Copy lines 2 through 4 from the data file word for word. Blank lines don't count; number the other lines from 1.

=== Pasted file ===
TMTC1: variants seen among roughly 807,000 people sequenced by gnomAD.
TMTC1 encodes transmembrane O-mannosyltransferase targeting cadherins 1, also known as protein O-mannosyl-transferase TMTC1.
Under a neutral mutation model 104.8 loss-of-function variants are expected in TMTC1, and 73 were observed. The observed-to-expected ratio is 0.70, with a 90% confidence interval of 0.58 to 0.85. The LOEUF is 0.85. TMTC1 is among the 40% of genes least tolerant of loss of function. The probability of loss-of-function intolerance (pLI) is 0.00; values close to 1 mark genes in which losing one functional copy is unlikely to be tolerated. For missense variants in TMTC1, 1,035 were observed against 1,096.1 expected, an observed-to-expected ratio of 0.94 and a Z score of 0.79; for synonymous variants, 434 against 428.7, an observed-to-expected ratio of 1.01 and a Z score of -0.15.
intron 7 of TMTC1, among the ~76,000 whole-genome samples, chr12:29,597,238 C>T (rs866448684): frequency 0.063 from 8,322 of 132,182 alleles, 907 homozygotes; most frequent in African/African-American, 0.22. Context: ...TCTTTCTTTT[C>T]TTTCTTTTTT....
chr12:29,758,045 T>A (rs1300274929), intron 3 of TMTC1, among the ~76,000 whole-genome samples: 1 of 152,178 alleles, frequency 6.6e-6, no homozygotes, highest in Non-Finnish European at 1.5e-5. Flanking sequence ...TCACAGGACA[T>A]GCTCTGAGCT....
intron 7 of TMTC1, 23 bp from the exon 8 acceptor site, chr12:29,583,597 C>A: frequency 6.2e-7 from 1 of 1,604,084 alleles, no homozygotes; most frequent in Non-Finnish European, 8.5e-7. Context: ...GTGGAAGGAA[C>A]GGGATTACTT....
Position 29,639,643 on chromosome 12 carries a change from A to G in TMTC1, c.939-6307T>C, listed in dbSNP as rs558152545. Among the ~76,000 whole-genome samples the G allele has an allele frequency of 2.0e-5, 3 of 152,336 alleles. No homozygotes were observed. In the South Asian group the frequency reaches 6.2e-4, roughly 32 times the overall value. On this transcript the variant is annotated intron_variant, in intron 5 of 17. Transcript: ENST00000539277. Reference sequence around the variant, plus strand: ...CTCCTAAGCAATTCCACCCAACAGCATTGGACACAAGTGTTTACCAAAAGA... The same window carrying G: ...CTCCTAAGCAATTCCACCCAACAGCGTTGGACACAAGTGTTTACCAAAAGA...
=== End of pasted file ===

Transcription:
TMTC1 encodes transmembrane O-mannosyltransferase targeting cadherins 1, also known as protein O-mannosyl-transferase TMTC1.
Under a neutral mutation model 104.8 loss-of-function variants are expected in TMTC1, and 73 were observed. The observed-to-expected ratio is 0.70, with a 90% confidence interval of 0.58 to 0.85. The LOEUF is 0.85. TMTC1 is among the 40% of genes least tolerant of loss of function. The probability of loss-of-function intolerance (pLI) is 0.00; values close to 1 mark genes in which losing one functional copy is unlikely to be tolerated. For missense variants in TMTC1, 1,035 were observed against 1,096.1 expected, an observed-to-expected ratio of 0.94 and a Z score of 0.79; for synonymous variants, 434 against 428.7, an observed-to-expected ratio of 1.01 and a Z score of -0.15.
intron 7 of TMTC1, among the ~76,000 whole-genome samples, chr12:29,597,238 C>T (rs866448684): frequency 0.063 from 8,322 of 132,182 alleles, 907 homozygotes; most frequent in African/African-American, 0.22. Context: ...TCTTTCTTTT[C>T]TTTCTTTTTT....